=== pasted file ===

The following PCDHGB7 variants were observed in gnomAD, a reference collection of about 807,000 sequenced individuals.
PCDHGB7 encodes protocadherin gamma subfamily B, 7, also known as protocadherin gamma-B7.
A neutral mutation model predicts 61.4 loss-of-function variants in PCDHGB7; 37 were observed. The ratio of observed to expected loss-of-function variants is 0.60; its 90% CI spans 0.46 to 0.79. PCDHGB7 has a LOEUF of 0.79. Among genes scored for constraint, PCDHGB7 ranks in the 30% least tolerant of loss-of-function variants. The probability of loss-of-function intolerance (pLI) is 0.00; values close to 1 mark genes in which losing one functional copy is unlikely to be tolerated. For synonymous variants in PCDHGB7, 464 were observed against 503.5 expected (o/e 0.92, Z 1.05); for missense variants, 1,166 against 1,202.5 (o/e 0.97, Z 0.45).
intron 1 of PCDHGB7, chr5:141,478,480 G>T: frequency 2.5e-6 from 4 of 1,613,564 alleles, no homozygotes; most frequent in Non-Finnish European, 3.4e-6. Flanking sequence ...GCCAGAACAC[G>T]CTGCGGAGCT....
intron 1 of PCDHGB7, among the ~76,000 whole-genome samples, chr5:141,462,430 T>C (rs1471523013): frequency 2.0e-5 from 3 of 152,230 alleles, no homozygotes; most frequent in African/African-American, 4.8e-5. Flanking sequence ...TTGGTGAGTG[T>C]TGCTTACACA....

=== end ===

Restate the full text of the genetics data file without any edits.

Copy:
The following PCDHGB7 variants were observed in gnomAD, a reference collection of about 807,000 sequenced individuals.
PCDHGB7 encodes protocadherin gamma subfamily B, 7, also known as protocadherin gamma-B7.
A neutral mutation model predicts 61.4 loss-of-function variants in PCDHGB7; 37 were observed. The ratio of observed to expected loss-of-function variants is 0.60; its 90% CI spans 0.46 to 0.79. PCDHGB7 has a LOEUF of 0.79. Among genes scored for constraint, PCDHGB7 ranks in the 30% least tolerant of loss-of-function variants. The probability of loss-of-function intolerance (pLI) is 0.00; values close to 1 mark genes in which losing one functional copy is unlikely to be tolerated. For synonymous variants in PCDHGB7, 464 were observed against 503.5 expected (o/e 0.92, Z 1.05); for missense variants, 1,166 against 1,202.5 (o/e 0.97, Z 0.45).
intron 1 of PCDHGB7, chr5:141,478,480 G>T: frequency 2.5e-6 from 4 of 1,613,564 alleles, no homozygotes; most frequent in Non-Finnish European, 3.4e-6. Flanking sequence ...GCCAGAACAC[G>T]CTGCGGAGCT....
intron 1 of PCDHGB7, among the ~76,000 whole-genome samples, chr5:141,462,430 T>C (rs1471523013): frequency 2.0e-5 from 3 of 152,230 alleles, no homozygotes; most frequent in African/African-American, 4.8e-5. Flanking sequence ...TTGGTGAGTG[T>C]TGCTTACACA....